It remains to be seen if the NHL will ramp up its propaganda machine to attack and demonize the players as it did successfully in the last lockout, and what, if any, counter the NHLPA will have this time around.

The PA got its collective ass kicked in the court of public opinion last time around, and likely will again despite their best efforts to improve their image.

Most hockey fans aren’t well-informed about NHL labor issues; not because they’re stupid, but rather they just don’t care. All they want is their regular season and playoffs to start and end on time, and to watch their favorite teams and players throughout that time.

When that doesn’t happen, it’s easy for the league to manipulate the fury of the majority of fans toward the players, painting them as greedy, selfish, spoiled and arrogant, being led astray by labor leaders more interested in their own self-interests than “the good of the game”.

Of course, it’s never as simple as that, and usually it’s the league which is responsible for the labor wars and work stoppages, but in the PR war between billionaire owners and millionaire players, the latter will always lose, especially in the midst of a lengthy recession.

Fehr undoubtedly understands this from his years as the MLB players union. He won’t keep the PA membership in the dark as Goodenow did, so expect Fehr or his lieutenants to keep the players constantly informed on all aspects of negotiations, hoping to avoid blindsiding them and provoking the kind of divisive comments and attitudes which doomed their resolve and unity last time around.

As negotiations likely drag on into the summer, he’ll also tell his membership to continue with their off-season preparations for training camp.

The players will be instructed not to waste time bad-mouthing the league and the team owners through the mainstream and social media, and instead to talk only about their preparation for the upcoming season, while expressing confidence of a deal being implemented before September 15th, when the current CBA expires.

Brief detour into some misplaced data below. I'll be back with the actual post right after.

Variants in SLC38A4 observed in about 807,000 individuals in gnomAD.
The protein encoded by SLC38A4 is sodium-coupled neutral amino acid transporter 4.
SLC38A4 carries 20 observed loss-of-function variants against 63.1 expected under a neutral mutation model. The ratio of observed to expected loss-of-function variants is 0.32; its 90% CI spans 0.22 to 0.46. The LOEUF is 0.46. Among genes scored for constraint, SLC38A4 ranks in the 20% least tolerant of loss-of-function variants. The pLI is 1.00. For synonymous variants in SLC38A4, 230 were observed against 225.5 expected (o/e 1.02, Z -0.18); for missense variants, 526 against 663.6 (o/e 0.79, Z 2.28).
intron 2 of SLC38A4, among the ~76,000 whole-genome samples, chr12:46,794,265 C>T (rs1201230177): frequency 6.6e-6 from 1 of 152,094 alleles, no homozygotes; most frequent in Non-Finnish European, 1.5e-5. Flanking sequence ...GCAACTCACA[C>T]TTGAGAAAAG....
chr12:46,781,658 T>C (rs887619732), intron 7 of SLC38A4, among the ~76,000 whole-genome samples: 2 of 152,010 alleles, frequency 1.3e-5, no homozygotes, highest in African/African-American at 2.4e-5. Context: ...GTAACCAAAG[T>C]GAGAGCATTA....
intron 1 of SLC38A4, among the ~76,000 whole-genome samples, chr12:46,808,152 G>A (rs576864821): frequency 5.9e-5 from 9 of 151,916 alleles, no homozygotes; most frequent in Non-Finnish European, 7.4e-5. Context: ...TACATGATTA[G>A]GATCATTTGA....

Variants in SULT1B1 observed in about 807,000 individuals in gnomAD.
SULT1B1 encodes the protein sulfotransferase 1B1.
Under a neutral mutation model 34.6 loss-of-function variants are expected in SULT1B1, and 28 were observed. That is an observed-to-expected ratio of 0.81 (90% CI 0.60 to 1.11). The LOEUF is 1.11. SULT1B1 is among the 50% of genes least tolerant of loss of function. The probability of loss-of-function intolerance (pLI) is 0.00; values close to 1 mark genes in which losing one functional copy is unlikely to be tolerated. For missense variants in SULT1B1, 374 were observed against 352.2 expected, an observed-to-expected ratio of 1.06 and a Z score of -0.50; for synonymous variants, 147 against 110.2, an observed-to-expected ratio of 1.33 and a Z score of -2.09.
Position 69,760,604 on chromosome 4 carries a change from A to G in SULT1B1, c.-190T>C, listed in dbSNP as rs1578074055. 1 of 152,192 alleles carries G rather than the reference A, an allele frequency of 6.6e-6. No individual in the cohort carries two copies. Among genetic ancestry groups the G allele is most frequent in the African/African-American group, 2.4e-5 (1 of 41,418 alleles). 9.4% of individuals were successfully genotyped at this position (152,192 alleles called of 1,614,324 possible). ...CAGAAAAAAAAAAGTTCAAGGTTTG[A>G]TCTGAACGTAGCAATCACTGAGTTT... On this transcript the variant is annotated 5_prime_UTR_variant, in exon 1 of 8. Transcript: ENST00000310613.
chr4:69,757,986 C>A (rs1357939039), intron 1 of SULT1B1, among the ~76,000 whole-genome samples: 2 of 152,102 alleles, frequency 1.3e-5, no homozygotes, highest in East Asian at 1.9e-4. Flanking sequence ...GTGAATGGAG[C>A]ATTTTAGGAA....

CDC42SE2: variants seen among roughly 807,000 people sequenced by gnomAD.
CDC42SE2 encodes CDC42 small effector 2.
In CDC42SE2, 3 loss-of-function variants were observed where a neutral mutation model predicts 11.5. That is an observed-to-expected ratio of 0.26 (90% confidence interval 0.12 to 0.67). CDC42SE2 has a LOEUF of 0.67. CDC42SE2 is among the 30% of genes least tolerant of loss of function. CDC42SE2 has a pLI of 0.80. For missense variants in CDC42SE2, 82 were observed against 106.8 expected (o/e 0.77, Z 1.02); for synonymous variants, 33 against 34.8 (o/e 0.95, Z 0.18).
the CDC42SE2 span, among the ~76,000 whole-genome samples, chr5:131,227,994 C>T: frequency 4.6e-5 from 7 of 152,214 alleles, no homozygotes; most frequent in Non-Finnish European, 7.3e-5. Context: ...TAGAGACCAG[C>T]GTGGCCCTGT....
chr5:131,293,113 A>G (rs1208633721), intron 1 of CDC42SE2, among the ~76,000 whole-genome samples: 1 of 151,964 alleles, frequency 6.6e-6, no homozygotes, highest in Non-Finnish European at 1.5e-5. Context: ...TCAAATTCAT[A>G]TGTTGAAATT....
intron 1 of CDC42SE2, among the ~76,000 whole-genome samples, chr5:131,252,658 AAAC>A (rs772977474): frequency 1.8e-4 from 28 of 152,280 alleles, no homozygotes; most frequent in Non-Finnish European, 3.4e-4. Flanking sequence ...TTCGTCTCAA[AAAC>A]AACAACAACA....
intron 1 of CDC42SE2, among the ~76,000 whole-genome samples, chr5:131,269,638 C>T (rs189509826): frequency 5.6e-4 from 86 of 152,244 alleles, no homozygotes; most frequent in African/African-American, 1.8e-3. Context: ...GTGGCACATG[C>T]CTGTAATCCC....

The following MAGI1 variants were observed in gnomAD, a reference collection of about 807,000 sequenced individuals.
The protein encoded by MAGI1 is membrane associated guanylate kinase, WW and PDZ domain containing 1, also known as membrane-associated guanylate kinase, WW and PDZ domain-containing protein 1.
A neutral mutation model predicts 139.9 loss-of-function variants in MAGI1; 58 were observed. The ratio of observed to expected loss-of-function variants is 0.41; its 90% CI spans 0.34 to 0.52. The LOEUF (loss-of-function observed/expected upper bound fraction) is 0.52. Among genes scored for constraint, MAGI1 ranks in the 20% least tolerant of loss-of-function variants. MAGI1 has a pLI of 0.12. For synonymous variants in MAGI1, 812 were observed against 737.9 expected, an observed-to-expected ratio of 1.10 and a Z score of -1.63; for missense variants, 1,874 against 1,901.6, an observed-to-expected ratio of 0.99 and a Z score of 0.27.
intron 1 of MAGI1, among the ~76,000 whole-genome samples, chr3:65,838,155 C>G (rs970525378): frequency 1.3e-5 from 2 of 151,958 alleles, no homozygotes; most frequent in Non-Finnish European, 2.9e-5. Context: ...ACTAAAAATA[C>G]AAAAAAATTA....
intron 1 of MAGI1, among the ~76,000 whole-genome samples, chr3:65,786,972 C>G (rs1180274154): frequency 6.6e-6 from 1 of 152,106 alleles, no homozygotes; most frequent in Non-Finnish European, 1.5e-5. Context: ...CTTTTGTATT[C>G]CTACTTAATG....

It’s not much of a defense, but should avoid providing the league and its media sycophants opportunities to exploit off-the-cuff comments from players to their own advantage.

We shouldn`t assume there will be another work stoppage, but it`s probably a good idea to be mentally prepared for the possibility. If it does happen, it`s safe to assume it won`t be season-killing like the last one.

The NFL and NBA went through labor negotiations last year which many observers expected could result in season-threatening work stoppages. The NFL resolved theirs without a dent into their 2011 season, while the NBA got it done at the cost of the opening month and a half of their season.

The lack of acrimony between the NHL and NHLPA this time around bodes well for a less contentious round of collective bargaining, ultimately resulting in an agreement which either ensures no threat to the start of next season, or at worst pushes the start back only a few weeks.

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Comments

SYF's avatar

Today, the salary cap is firmly in place, and the PA has no desire to fight for its removal.

I’m speculating that players will want to keep their 57% share in revenue while accepting a lower cap hit and maintaining the right to raise the annual cap like they currently do.

Posted by SYF from Alana Blanchard's Bikinis and Surfboards on 01/11/12 at 04:04 PM ET

Avatar

I sincerely hope the players realize how good they have it.

One only has to look at team payrolls to see that the players are making more $ than ever.

The AVERAGE team payroll was 44M with the low end being Atlanta, Florida, Minnesota, and Nashville all below 30M in payroll.

Meanwhile the top end Detroit and the Rangers had payrolls above 70M. 

That is NOT a healthy balance.  But most teams were between 35 and 45M.  Today most teams are above 50M, and that has grown too quickly.  The cap floor today is more than the total cap was just 5 years ago.  And salary growth of above around 10% per year since.

I would like to see:  A buyout clause that is decreased to a 33% cap hit of the contract divided over the life of the contract.  Don’t decrease salaries to 50% of revenue.  Decrease them 1% per year for 5 years (or 1% every other year for 10).  That is fair for both sides. 

It’s not like the players have any other choice either.  The KHL is NOT doing well, and like communism, they are destined to collapse.  They are being floated by the Russian Government and Eastern European billionaires HOPING it will take off.  Meanwhile the playing conditions are DISGUSTING.

Posted by BobaFett from Las Vegas on 01/11/12 at 07:15 PM ET

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About Puckin' Around With Spector

I’m Lyle Richardson. You might know me from my website, Spector’s Hockey, my thrice-weekly rumor column at THN.com, my weekly column at Eishockey News (if you read German), and my former gig as a contributing writer to Foxsports.com.

I’ll be writing a once-weekly blog here with my take on all things NHL. Who knows, I might actually find time to debunk a trade rumor or two.